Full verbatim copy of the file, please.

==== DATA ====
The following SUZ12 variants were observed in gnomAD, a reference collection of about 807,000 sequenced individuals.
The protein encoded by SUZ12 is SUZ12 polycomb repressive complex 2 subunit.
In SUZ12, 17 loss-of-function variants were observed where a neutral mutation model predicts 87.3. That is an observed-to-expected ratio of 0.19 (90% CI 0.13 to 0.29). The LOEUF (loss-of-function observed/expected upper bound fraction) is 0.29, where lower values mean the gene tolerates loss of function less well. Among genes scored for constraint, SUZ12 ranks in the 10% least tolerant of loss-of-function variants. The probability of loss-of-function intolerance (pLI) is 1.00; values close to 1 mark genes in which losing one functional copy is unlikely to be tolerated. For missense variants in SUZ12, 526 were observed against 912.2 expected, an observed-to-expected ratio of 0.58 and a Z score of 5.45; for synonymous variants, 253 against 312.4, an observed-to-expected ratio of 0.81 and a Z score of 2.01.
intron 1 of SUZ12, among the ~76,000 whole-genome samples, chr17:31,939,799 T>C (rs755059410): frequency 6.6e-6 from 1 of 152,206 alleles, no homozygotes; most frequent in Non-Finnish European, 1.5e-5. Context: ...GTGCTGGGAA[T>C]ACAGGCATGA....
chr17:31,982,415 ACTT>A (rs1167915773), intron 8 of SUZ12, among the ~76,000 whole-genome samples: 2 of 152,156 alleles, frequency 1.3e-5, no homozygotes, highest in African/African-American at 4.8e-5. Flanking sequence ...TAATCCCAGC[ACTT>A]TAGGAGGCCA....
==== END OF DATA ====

The following SUZ12 variants were observed in gnomAD, a reference collection of about 807,000 sequenced individuals.
The protein encoded by SUZ12 is SUZ12 polycomb repressive complex 2 subunit.
In SUZ12, 17 loss-of-function variants were observed where a neutral mutation model predicts 87.3. That is an observed-to-expected ratio of 0.19 (90% CI 0.13 to 0.29). The LOEUF (loss-of-function observed/expected upper bound fraction) is 0.29, where lower values mean the gene tolerates loss of function less well. Among genes scored for constraint, SUZ12 ranks in the 10% least tolerant of loss-of-function variants. The probability of loss-of-function intolerance (pLI) is 1.00; values close to 1 mark genes in which losing one functional copy is unlikely to be tolerated. For missense variants in SUZ12, 526 were observed against 912.2 expected, an observed-to-expected ratio of 0.58 and a Z score of 5.45; for synonymous variants, 253 against 312.4, an observed-to-expected ratio of 0.81 and a Z score of 2.01.
intron 1 of SUZ12, among the ~76,000 whole-genome samples, chr17:31,939,799 T>C (rs755059410): frequency 6.6e-6 from 1 of 152,206 alleles, no homozygotes; most frequent in Non-Finnish European, 1.5e-5. Context: ...GTGCTGGGAA[T>C]ACAGGCATGA....
chr17:31,982,415 ACTT>A (rs1167915773), intron 8 of SUZ12, among the ~76,000 whole-genome samples: 2 of 152,156 alleles, frequency 1.3e-5, no homozygotes, highest in African/African-American at 4.8e-5. Flanking sequence ...TAATCCCAGC[ACTT>A]TAGGAGGCCA....